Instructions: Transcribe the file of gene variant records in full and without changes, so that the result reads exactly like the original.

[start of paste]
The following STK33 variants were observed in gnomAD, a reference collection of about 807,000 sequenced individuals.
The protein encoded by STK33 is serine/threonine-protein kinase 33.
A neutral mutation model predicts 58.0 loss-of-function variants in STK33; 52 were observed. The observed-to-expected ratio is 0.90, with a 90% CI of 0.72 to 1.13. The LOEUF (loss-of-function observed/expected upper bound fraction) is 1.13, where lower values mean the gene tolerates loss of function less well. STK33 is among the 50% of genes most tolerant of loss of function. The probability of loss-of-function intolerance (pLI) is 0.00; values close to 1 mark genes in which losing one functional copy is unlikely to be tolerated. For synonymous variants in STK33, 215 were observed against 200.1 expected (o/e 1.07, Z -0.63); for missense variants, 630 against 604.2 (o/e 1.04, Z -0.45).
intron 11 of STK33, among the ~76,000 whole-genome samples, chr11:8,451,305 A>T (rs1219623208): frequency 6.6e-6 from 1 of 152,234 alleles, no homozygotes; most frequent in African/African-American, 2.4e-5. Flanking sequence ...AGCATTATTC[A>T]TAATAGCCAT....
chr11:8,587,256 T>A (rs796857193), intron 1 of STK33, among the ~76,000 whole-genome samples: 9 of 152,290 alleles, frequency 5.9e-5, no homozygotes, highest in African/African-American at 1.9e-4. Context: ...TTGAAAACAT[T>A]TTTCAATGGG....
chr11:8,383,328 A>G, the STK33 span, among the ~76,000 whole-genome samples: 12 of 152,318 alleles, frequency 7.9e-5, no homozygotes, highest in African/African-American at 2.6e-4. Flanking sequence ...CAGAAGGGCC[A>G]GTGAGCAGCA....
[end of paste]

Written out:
The following STK33 variants were observed in gnomAD, a reference collection of about 807,000 sequenced individuals.
The protein encoded by STK33 is serine/threonine-protein kinase 33.
A neutral mutation model predicts 58.0 loss-of-function variants in STK33; 52 were observed. The observed-to-expected ratio is 0.90, with a 90% CI of 0.72 to 1.13. The LOEUF (loss-of-function observed/expected upper bound fraction) is 1.13, where lower values mean the gene tolerates loss of function less well. STK33 is among the 50% of genes most tolerant of loss of function. The probability of loss-of-function intolerance (pLI) is 0.00; values close to 1 mark genes in which losing one functional copy is unlikely to be tolerated. For synonymous variants in STK33, 215 were observed against 200.1 expected (o/e 1.07, Z -0.63); for missense variants, 630 against 604.2 (o/e 1.04, Z -0.45).
intron 11 of STK33, among the ~76,000 whole-genome samples, chr11:8,451,305 A>T (rs1219623208): frequency 6.6e-6 from 1 of 152,234 alleles, no homozygotes; most frequent in African/African-American, 2.4e-5. Flanking sequence ...AGCATTATTC[A>T]TAATAGCCAT....
chr11:8,587,256 T>A (rs796857193), intron 1 of STK33, among the ~76,000 whole-genome samples: 9 of 152,290 alleles, frequency 5.9e-5, no homozygotes, highest in African/African-American at 1.9e-4. Context: ...TTGAAAACAT[T>A]TTTCAATGGG....
chr11:8,383,328 A>G, the STK33 span, among the ~76,000 whole-genome samples: 12 of 152,318 alleles, frequency 7.9e-5, no homozygotes, highest in African/African-American at 2.6e-4. Flanking sequence ...CAGAAGGGCC[A>G]GTGAGCAGCA....